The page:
Review: A Surprisingly Fun Time with 'Game Night'
This review was originally published on UW Film Club, but has since been reuploaded here with the author’s permission.
In the shadow of Black Panther, Game Night has a tall task of luring audiences into its theater this weekend. After a initial trailer that left a lot to be desired, it would be easy to write this film off as another February comedy dumped in the early months of the year to clear space on Warner Bro’s shelf, but I have to admit, Game Night is one of the most pleasant surprises I’ve had in a long time. There is nothing spectacular in terms of thematic development, but come on, it’s a comedy. It’s more important that the film generates a few good laughs and this movie does them surprisingly well.
The film follows Max (Jason Bateman) and Annie (Racheal McAdams), a competitive couple who hosts weekly game nights at their home. One week Max’s brother Brooks (Kyle Chandler) suddenly comes to town and hosts a game night of his own that promises thrills and excitement via a simulated kidnapping. But things go awry when their role playing game gets mixed in with Brooks’s real kidnapping, causing the group to spend the night enduring hijinks and antics in order to get Max’s brother back.
Everyone lends their comedic talents equally, but Jesse Plemon’s character steals the show. He is hands down, bar-none the best part of this film. He plays a stoic yet creepy neighbor who wants to participate in the game nights, but is left out because of his awkwardness, lack of skill, and his recently divorced status from a close friend of Max and Annie’s. Every scene Plemons is in is hilarious, striking the right balance between a sincere human being and a total psychopath. Most of the jokes stem from his inability to move on from his divorced wife, and when combined with his eerie nature and exclusion, you get a winning formula for some sadistic humor. His role is worth the watch alone (it’s that good), plus the credit sequence adds a nice touch to his character.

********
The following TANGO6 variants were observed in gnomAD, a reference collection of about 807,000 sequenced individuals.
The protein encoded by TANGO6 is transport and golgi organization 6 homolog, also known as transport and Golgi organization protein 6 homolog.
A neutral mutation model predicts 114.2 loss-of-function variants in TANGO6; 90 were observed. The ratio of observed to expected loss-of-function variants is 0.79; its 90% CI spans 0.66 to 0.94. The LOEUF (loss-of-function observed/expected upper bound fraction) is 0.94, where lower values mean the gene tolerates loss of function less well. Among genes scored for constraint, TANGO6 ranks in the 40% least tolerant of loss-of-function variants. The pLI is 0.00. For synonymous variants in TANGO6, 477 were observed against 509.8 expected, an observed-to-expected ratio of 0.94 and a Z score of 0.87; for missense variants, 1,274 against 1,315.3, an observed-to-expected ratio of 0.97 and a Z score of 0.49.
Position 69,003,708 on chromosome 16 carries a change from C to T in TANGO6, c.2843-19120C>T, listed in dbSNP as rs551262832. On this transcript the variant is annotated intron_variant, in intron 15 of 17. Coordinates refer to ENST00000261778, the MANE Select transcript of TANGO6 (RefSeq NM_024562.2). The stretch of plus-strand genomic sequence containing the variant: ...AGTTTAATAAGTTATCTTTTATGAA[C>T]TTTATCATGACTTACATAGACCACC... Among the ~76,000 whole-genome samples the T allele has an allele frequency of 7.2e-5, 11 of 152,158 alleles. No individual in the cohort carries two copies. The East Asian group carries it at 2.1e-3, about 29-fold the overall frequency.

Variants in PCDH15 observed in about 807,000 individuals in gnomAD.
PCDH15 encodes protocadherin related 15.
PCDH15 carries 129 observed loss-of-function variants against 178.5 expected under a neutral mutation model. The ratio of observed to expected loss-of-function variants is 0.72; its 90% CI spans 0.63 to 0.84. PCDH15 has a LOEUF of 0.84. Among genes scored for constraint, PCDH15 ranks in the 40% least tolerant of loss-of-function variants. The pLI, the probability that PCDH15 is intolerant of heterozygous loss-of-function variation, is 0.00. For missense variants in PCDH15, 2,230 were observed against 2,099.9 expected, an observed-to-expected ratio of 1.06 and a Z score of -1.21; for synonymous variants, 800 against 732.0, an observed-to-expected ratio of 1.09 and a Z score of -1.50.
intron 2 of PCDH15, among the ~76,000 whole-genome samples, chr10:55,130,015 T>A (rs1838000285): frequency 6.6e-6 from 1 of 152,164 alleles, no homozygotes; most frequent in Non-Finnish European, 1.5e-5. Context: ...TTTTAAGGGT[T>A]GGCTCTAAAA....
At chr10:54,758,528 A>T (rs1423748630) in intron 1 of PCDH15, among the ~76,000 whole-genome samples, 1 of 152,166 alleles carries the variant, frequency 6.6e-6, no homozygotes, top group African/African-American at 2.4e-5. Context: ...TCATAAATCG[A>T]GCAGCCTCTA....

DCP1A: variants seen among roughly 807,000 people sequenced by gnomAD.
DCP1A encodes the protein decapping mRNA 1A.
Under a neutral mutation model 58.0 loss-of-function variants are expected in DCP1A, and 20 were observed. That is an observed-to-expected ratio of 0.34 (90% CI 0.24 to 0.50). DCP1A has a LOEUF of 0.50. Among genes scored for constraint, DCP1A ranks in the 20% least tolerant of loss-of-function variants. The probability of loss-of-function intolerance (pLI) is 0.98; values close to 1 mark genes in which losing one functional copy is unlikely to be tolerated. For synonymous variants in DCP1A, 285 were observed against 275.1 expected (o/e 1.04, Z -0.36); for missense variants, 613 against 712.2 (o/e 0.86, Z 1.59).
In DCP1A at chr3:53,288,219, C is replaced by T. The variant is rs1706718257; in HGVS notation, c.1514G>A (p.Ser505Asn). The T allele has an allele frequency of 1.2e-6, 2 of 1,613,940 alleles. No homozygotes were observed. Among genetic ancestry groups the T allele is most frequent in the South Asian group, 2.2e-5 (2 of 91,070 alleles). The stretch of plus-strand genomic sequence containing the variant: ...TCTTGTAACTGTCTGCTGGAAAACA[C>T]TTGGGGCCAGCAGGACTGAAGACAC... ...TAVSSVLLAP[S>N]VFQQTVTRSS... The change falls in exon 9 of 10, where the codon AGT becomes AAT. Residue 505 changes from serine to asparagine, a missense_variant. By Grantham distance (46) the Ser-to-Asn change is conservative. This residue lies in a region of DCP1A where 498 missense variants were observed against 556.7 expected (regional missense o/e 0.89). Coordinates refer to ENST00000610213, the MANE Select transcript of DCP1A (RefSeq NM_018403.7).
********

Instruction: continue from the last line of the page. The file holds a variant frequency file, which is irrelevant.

The jokes in the film are actually quite good and you’ll give a hearty laugh from time to time. The narrative sometimes feels like an empty vehicle to get to the next joke, but if I have to be frank, the audience isn’t here for the story, it’s here for the comedy. There are a few instances where the scene is structured around an overall punchline (namely a scene that involve’s Gary being distracted by the group while Max tries to access his computer), but it’s mostly just one liners, pop culture references, and physical humor that is overlaid on to sequential events to move the story along (and for the most part that’s ok). The plot is straightforward and the premise works well enough to keep you engaged throughout the run time of the film, and it functions so much better than I would of ever given it credit for which is a pleasant surprise.
Game Night is not a mind blowing film, but is certainly a fun film with a solid narrative and stand out comedic performances. It manages to shake the stigmas so many bad comedies have while retaining the elements that make films within the genre so enjoyable. They say you shouldn’t judge a book by its cover, and in this instance, it couldn’t be more true.